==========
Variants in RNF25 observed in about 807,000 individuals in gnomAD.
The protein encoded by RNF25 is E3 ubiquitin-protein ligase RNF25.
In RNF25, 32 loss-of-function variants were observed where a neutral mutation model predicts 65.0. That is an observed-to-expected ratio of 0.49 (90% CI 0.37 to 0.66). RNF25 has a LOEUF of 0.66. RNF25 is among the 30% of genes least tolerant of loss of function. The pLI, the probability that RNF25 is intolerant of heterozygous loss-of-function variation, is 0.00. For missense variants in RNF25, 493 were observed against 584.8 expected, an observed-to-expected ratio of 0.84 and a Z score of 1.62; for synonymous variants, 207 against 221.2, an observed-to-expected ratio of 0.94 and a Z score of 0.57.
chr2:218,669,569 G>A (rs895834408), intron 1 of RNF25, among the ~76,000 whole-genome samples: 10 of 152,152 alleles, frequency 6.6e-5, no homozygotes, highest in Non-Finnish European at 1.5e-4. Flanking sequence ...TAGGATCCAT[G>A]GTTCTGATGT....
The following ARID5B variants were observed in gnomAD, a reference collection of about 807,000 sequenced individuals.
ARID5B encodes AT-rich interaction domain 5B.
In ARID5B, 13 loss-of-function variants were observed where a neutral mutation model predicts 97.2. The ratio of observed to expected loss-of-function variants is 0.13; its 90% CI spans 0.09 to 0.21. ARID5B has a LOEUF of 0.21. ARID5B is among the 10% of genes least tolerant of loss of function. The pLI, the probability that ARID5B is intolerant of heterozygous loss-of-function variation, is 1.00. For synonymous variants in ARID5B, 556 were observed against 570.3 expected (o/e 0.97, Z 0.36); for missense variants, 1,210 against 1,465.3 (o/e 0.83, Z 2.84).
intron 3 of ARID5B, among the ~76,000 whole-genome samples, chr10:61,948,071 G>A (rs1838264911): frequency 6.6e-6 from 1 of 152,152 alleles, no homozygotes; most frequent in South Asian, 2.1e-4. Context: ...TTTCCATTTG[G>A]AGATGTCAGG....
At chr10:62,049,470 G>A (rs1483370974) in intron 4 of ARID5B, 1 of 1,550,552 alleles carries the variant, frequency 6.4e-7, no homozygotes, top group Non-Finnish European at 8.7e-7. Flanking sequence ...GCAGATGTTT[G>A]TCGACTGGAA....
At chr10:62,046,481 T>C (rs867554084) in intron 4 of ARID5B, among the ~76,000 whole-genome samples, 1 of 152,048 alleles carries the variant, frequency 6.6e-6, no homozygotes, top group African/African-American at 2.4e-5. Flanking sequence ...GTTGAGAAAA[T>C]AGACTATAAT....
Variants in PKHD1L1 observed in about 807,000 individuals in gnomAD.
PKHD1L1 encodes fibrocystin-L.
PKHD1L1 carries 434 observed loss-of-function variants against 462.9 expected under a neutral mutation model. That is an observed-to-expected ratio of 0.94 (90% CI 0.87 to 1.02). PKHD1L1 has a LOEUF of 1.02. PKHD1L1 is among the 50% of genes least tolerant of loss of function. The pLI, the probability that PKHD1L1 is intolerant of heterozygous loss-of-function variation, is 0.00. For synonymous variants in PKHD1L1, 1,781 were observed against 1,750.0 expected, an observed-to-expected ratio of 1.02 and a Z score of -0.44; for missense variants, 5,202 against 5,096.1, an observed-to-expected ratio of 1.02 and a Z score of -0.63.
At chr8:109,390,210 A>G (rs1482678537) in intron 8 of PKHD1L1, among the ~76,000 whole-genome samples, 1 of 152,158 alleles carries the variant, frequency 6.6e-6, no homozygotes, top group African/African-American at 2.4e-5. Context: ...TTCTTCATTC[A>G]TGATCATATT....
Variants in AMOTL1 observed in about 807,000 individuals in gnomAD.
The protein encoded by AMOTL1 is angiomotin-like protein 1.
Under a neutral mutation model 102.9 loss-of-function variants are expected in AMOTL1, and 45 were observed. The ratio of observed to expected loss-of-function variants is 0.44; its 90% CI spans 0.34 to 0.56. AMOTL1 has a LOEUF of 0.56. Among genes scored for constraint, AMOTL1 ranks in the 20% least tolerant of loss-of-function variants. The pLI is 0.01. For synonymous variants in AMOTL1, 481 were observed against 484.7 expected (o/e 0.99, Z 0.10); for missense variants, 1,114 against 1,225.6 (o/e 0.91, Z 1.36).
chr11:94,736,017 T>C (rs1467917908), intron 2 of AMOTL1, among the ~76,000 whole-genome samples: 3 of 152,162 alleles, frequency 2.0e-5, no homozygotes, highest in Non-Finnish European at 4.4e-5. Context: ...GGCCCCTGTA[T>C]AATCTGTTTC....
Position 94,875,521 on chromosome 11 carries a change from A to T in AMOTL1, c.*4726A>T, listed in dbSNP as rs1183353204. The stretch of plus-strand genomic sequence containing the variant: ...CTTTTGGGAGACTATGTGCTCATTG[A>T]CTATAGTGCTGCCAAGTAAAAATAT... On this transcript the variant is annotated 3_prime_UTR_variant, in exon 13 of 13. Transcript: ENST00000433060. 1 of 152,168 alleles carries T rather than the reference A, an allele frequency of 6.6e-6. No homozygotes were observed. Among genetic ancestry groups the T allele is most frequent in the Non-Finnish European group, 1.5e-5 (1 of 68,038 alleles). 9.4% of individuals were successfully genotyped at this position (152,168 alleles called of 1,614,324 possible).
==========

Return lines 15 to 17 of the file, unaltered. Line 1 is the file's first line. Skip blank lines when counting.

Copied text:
Variants in AMOTL1 observed in about 807,000 individuals in gnomAD.
The protein encoded by AMOTL1 is angiomotin-like protein 1.
Under a neutral mutation model 102.9 loss-of-function variants are expected in AMOTL1, and 45 were observed. The ratio of observed to expected loss-of-function variants is 0.44; its 90% CI spans 0.34 to 0.56. AMOTL1 has a LOEUF of 0.56. Among genes scored for constraint, AMOTL1 ranks in the 20% least tolerant of loss-of-function variants. The pLI is 0.01. For synonymous variants in AMOTL1, 481 were observed against 484.7 expected (o/e 0.99, Z 0.10); for missense variants, 1,114 against 1,225.6 (o/e 0.91, Z 1.36).